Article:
Binge-drinking teens may be risking future depression

November 15, 2010

Binge-drinking teenagers may be putting themselves at higher risk in adulthood for mood disorders such as anxiety and depression, Loyola University Health System researchers report.

A new Loyola study has found that exposing adolescent rats to binge amounts of alcohol permanently altered the system that produces hormones in response to stress. This disruption in "might lead to behavioral and/or mood disorders in adulthood," researchers reported.

Senior author Toni Pak, PhD, and colleagues reported their findings Nov. 15 at the annual meeting of the Society for Neuroscience in San Diego.

While results from animal studies don't directly translate to people, the findings do suggest a mechanism by which teenage binge drinking could cause in adulthood, Pak said.

"Exposing young people to alcohol could permanently disrupt normal connections in the that need to be made to ensure healthy adult ," Pak said.

Binge drinking is defined as a woman having at least four drinks or a man having at least five drinks on one occasion. Heavy binge drinkers can consume 10 to 15 drinks. Binge drinking typically begins around age 13 and peaks between 18 and 22, before gradually decreasing. Thirty-six percent of youths ages 18 to 20 reported at least one binge-drinking episode during the past 30 days, according to the Substance Abuse and Administration.

The Loyola study examined the long-term effects of alcohol on the production of the stress hormone corticosterone in rats. (The equivalent stress hormone in humans is cortisol).

Humans and rats produce stress hormones in response to physical or psychological stress. For example, in a "fight-or-flight" situation, a jolt of cortisol provides a burst of energy and a lower sensitivity to pain, while suppressing functions that aren't immediately needed, such as digestion. However, chronic exposure to cortisol and other stress hormones has been linked to depression, cardiovascular disease and other problems.

In the study, researchers exposed adolescent rats to an 8-day pattern: three days of alcohol binging, two days off, then three more days of binging. On binge days, rats were injected with enough alcohol to raise their blood alcohol concentration to between 0.15 percent and 0.2 percent. (In humans such concentrations would be roughly 2 to 2.5 times higher than the 0.08 legal limit for driving.)A control group of rats received injections of saline.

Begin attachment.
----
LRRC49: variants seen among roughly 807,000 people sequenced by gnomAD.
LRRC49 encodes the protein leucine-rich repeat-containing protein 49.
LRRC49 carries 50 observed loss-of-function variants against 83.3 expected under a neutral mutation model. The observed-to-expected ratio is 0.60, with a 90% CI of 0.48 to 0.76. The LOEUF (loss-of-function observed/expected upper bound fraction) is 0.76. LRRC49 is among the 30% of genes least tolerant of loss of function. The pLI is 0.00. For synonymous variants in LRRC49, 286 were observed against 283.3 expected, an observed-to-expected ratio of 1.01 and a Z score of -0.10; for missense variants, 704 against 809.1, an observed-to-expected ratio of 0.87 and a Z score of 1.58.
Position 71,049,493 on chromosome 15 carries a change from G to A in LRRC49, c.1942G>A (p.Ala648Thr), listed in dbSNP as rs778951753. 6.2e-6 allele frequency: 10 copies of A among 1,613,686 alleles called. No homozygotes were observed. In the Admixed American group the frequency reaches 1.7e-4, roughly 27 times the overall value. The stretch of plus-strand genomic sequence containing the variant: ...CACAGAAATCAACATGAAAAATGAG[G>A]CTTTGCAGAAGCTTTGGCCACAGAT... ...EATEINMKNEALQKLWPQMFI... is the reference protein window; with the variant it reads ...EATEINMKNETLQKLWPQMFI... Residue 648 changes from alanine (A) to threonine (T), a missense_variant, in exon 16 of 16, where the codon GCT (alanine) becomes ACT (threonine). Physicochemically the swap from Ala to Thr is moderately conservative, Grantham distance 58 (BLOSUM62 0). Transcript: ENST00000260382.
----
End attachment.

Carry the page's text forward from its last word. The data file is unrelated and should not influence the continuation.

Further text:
One month later, when the rats were young adults, they were exposed to one of three regimens: saline injections, a one-time alcohol injection or a binge-pattern of alcohol exposure. Alcohol is a form of stress, so not surprisingly, the animals that had either a one-time or binge alcohol exposure produced more of the corticosterone stress hormone. A more significant finding is that among rats that had received alcohol during adolescence, there was a significantly larger spike in corticosterone when they received alcohol during adulthood. These rats also had a lower base level of than rats that had remained sober during adolescence. These findings suggest that alcohol exposure during puberty permanently alters the system by which the brain triggers the body to produce stress hormones.

Related Stories

Recommended for you

Researchers find monkey brain structure that decides if viewed objects are new or unidentified

August 18, 2017
A team of researchers working at the University of Tokyo School of Medicine has found what they believe is the part of the monkey brain that decides if something that is being viewed is recognizable. In their paper published ...

Artificial neural networks decode brain activity during performed and imagined movements

August 18, 2017
Artificial intelligence has far outpaced human intelligence in certain tasks. Several groups from the Freiburg excellence cluster BrainLinks-BrainTools led by neuroscientist private lecturer Dr. Tonio Ball are showing how ...

Study of nervous system cells can help to understand degenerative diseases

August 18, 2017
The results of a new study show that many of the genes expressed by microglia differ between humans and mice, which are frequently used as animal models in research on Alzheimer's disease and other neurodegenerative disorders.

How whip-like cell appendages promote bodily fluid flow

August 18, 2017
Researchers at Nagoya University have identified a molecule that enables cell appendages called cilia to beat in a coordinated way to drive the flow of fluid around the brain; this prevents the accumulation of this fluid, ...

Researchers make surprising discovery about how neurons talk to each other

August 17, 2017
Researchers at the University of Pittsburgh have uncovered the mechanism by which neurons keep up with the demands of repeatedly sending signals to other neurons. The new findings, made in fruit flies and mice, challenge ...

Neurons involved in learning, memory preservation less stable, more flexible than once thought

August 17, 2017
The human brain has a region of cells responsible for linking sensory cues to actions and behaviors and cataloging the link as a memory. Cells that form these links have been deemed highly stable and fixed.

0 comments

Please sign in to add a comment. Registration is free, and takes less than a minute. Read more

Click here to reset your password.
Sign in to get notified via email when new comments are made.